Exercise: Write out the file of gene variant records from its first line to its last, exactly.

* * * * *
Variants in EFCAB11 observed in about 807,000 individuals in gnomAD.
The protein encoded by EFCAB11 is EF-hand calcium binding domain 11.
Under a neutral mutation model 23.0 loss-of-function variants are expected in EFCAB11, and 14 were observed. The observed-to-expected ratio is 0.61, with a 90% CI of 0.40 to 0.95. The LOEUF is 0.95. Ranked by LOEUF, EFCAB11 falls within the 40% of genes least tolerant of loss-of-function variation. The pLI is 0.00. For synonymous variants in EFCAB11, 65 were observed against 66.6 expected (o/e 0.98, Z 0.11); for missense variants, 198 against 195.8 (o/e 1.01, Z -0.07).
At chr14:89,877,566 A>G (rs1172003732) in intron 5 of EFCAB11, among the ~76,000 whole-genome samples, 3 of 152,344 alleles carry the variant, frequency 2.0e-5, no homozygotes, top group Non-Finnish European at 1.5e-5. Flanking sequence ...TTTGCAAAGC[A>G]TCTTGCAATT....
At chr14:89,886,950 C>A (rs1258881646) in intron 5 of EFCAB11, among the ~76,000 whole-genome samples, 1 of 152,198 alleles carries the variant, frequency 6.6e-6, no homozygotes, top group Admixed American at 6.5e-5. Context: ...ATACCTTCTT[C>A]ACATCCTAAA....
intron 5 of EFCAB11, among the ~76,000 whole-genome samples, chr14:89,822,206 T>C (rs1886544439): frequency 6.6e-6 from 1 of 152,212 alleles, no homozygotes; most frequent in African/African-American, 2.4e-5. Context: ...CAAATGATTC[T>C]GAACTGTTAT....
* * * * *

Variants in EFCAB11 observed in about 807,000 individuals in gnomAD.
The protein encoded by EFCAB11 is EF-hand calcium binding domain 11.
Under a neutral mutation model 23.0 loss-of-function variants are expected in EFCAB11, and 14 were observed. The observed-to-expected ratio is 0.61, with a 90% CI of 0.40 to 0.95. The LOEUF is 0.95. Ranked by LOEUF, EFCAB11 falls within the 40% of genes least tolerant of loss-of-function variation. The pLI is 0.00. For synonymous variants in EFCAB11, 65 were observed against 66.6 expected (o/e 0.98, Z 0.11); for missense variants, 198 against 195.8 (o/e 1.01, Z -0.07).
At chr14:89,877,566 A>G (rs1172003732) in intron 5 of EFCAB11, among the ~76,000 whole-genome samples, 3 of 152,344 alleles carry the variant, frequency 2.0e-5, no homozygotes, top group Non-Finnish European at 1.5e-5. Flanking sequence ...TTTGCAAAGC[A>G]TCTTGCAATT....
At chr14:89,886,950 C>A (rs1258881646) in intron 5 of EFCAB11, among the ~76,000 whole-genome samples, 1 of 152,198 alleles carries the variant, frequency 6.6e-6, no homozygotes, top group Admixed American at 6.5e-5. Context: ...ATACCTTCTT[C>A]ACATCCTAAA....
intron 5 of EFCAB11, among the ~76,000 whole-genome samples, chr14:89,822,206 T>C (rs1886544439): frequency 6.6e-6 from 1 of 152,212 alleles, no homozygotes; most frequent in African/African-American, 2.4e-5. Context: ...CAAATGATTC[T>C]GAACTGTTAT....